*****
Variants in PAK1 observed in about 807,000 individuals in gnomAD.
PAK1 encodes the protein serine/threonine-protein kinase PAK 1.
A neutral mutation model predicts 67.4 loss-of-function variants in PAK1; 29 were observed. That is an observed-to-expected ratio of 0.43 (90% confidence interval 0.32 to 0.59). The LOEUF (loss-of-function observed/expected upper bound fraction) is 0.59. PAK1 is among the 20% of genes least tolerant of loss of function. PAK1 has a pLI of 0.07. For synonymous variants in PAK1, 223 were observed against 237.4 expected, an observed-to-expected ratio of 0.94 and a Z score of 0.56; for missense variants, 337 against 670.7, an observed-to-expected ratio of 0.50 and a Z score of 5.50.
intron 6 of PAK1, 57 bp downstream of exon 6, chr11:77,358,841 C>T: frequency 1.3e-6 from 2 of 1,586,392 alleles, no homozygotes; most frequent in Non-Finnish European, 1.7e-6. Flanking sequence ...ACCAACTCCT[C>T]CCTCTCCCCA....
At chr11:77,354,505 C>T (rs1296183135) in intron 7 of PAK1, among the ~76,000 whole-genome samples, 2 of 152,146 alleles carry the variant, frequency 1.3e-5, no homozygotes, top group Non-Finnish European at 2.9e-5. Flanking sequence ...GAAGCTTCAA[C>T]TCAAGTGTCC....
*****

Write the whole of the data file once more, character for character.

Variants in PAK1 observed in about 807,000 individuals in gnomAD.
PAK1 encodes the protein serine/threonine-protein kinase PAK 1.
A neutral mutation model predicts 67.4 loss-of-function variants in PAK1; 29 were observed. That is an observed-to-expected ratio of 0.43 (90% confidence interval 0.32 to 0.59). The LOEUF (loss-of-function observed/expected upper bound fraction) is 0.59. PAK1 is among the 20% of genes least tolerant of loss of function. PAK1 has a pLI of 0.07. For synonymous variants in PAK1, 223 were observed against 237.4 expected, an observed-to-expected ratio of 0.94 and a Z score of 0.56; for missense variants, 337 against 670.7, an observed-to-expected ratio of 0.50 and a Z score of 5.50.
intron 6 of PAK1, 57 bp downstream of exon 6, chr11:77,358,841 C>T: frequency 1.3e-6 from 2 of 1,586,392 alleles, no homozygotes; most frequent in Non-Finnish European, 1.7e-6. Flanking sequence ...ACCAACTCCT[C>T]CCTCTCCCCA....
At chr11:77,354,505 C>T (rs1296183135) in intron 7 of PAK1, among the ~76,000 whole-genome samples, 2 of 152,146 alleles carry the variant, frequency 1.3e-5, no homozygotes, top group Non-Finnish European at 2.9e-5. Flanking sequence ...GAAGCTTCAA[C>T]TCAAGTGTCC....